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Session B1
Globalization of the Taiwanese Women's Movement? The Impact of the UN Human Rights Conventions and their Adoption in Taiwan. With a Focus on CEDAW
Astrid Lipinsky
Department of East Asian Studies, University of Vienna, Austria

Despite the fact that Taiwan (Republic of China) has not been an official member of the United Nations community since 1971, it recently established an important relationship with a number of international conventions and resolutions. Its 2012 adoption, for instance, of the UN Convention on the Elimination of All Forms of Discrimination Against Women (CEDAW), making it part of Taiwanese national law, somehow placed Taiwan (as of January 2016) among the 189 of 193 UN member states that have ratified CEDAW.


Importantly for the population of this island nation, Taiwan's adoption of CEDAW has established a globally acknowledged legal framework for women’s rights, while providing its own, localized understanding of the contents.


Taiwan now officially shares not only the CEDAW definition of “discrimination of women,” but also the structure to regularly monitor the implementation of the Convention. This includes regular government reports on the progress of the national implementation of CEDAW. All the other reports, made in four year intervals, are published by the CEDAW commission on its homepage, along with the Commission's concluding recommendations, and are accessible as a point of reference to Taiwan. Furthermore, Taiwan established its own Invited Experts’ Committee structure: The experts (former members of the UN CEDAW Commission) evaluate Taiwan’s CEDAW reports and deliver a set of “concluding recommendations”. Both the Taiwanese reports and the expert considerations are widely publicized.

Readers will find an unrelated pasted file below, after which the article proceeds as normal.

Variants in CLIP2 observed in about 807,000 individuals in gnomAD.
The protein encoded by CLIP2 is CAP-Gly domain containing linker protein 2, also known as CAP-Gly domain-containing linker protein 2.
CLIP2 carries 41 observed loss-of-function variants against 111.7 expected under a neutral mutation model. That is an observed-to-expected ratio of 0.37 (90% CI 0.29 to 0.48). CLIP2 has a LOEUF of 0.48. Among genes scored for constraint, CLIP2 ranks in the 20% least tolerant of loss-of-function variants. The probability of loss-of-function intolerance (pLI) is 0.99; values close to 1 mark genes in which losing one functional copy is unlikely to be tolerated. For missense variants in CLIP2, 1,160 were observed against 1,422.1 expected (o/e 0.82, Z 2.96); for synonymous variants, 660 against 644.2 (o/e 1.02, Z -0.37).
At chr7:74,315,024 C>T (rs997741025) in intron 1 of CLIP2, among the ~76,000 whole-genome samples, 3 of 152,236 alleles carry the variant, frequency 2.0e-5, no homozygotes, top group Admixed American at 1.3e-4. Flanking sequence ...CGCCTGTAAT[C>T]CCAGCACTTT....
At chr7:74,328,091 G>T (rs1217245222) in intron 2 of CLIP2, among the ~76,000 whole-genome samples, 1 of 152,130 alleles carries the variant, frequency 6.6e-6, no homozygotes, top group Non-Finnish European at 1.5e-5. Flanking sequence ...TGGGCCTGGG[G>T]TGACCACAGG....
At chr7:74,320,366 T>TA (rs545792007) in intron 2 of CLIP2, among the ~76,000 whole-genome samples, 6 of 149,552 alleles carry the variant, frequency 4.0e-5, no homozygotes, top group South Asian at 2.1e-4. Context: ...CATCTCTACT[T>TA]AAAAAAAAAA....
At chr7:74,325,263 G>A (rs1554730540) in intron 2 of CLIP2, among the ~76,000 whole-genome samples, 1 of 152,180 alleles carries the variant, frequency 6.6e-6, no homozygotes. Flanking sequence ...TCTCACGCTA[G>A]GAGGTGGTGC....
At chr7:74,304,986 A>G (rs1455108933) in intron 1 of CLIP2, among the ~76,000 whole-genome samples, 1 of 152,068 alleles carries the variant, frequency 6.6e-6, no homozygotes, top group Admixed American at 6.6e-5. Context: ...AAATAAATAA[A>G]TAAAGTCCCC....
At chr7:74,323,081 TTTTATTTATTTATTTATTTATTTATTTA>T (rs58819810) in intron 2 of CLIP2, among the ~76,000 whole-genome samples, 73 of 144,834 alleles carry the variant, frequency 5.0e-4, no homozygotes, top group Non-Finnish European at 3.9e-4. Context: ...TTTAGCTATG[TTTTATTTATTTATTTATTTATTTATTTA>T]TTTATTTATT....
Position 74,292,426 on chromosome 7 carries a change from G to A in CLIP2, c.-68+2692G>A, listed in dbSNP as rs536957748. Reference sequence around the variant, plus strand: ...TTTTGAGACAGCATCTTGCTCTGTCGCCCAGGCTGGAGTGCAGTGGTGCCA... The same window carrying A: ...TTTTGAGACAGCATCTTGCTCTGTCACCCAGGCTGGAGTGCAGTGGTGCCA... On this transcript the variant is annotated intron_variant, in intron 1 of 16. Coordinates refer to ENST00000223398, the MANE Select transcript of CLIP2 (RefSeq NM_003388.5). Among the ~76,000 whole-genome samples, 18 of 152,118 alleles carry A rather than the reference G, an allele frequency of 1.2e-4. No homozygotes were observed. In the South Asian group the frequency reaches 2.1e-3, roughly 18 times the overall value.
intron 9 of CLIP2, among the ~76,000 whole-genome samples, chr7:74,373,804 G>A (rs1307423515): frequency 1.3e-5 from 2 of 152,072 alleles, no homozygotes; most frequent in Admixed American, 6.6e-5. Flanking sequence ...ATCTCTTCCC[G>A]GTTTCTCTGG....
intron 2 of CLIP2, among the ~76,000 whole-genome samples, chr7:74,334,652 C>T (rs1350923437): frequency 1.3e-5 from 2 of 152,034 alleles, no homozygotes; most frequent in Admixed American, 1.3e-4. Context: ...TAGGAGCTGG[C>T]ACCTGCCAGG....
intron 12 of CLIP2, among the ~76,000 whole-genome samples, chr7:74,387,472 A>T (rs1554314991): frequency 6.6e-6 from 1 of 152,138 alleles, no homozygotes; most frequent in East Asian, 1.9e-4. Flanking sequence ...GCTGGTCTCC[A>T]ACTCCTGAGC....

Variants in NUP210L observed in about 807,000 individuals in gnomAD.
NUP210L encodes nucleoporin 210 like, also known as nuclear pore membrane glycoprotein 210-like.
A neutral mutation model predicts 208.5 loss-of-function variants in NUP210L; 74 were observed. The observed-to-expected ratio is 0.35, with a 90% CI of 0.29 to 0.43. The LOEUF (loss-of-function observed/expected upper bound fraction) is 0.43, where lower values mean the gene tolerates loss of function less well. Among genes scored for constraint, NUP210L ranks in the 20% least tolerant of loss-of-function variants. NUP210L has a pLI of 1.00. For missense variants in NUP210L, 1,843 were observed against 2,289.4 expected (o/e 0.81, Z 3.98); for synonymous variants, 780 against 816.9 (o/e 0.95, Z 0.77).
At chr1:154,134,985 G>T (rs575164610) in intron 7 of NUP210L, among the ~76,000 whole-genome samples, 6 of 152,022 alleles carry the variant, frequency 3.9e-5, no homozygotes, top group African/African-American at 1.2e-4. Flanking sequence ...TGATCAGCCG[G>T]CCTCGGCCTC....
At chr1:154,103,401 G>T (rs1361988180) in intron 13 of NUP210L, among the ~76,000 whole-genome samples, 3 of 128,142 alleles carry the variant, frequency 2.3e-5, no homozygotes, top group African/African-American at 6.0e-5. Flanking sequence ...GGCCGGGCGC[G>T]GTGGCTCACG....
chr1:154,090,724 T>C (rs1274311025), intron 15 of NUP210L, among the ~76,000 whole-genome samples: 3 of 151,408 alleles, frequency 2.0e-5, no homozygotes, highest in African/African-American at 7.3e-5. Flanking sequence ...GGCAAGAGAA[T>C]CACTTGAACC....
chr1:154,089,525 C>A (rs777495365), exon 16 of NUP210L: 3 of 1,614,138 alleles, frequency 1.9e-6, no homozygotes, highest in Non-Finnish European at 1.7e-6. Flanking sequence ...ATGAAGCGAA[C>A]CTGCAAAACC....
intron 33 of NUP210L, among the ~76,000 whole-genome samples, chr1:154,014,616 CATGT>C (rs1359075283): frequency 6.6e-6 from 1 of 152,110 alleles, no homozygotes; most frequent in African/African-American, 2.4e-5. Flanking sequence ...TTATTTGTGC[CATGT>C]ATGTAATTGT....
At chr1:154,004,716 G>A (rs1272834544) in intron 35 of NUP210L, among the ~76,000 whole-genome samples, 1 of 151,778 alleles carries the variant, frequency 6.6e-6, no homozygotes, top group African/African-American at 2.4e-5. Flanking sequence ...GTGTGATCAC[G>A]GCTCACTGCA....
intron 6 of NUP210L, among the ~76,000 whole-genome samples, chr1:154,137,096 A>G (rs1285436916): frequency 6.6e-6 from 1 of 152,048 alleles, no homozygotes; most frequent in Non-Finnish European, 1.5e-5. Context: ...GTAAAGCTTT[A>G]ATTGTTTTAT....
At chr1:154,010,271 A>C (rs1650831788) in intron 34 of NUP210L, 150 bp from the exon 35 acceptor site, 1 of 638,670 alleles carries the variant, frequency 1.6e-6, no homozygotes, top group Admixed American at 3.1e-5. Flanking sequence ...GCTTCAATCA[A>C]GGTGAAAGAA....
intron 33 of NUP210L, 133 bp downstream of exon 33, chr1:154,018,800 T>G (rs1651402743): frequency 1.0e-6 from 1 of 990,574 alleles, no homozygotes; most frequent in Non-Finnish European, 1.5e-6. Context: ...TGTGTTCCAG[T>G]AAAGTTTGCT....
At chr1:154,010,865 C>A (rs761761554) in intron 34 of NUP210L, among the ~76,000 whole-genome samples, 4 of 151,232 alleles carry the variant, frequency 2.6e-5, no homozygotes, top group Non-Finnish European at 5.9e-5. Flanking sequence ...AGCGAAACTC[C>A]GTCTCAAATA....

Although Taiwan is not a UN member, the international CEDAW procedure also institutionalizes non-governmental participation and gives NGOs (worldwide and in Taiwan) an important voice. Their members can attend the monitoring session and issue alternative 'shadow' reports. Taiwan's position on CEDAW also brings it into an international community of concern for women's rights and issues. All ASEAN members have ratified CEDAW. Currently, there are endeavours to establish a regional CEDAW governance network, for example through the ASEAN Commission on the Promotion and the Protection of the Rights of Women and Children (ACWC) founded in Vietnam in 2010. The major ASEAN members are also members of The Asia-Pacific Economic Cooperation (APEC). In 1991, the People’s Republic of China, Hong Kong SAR and Taiwan all became members of APEC, and Taiwan is very active in the Women’s Leadership Network (WLN) that is part of the annual APEC meetings. So far, research is lacking on the potential of integrating CEDAW in this network and broaden cooperation with other regional institutions from there.

This presentation reflects on the effect of CEDAW on Taiwan's women's movement.

The research results will be based on:

  1. NGO Activities lobbying for CEDAW in Taiwan since 2004

  2. Government-sponsored annual participation of Taiwanese women in the NGO-Forum of CSW (UN Commission on the Status of Women) since 2004

  3. The Taiwanese government's initial CEDAW report 2009

  4. The Taiwanese NGO shadow report 2009

  5. The Taiwanese government's second CEDAW implementation report 2014

  6. interviews and written materials elaborating on the past activities and findings of Taiwanese feminists and members of the women’s movement since the Taiwanese CEDAW took effect in 2012.

Keywords: CEDAW in Taiwan, Taiwan NGO and CEDAW, global women’s rights, Taiwan in APEC and CSW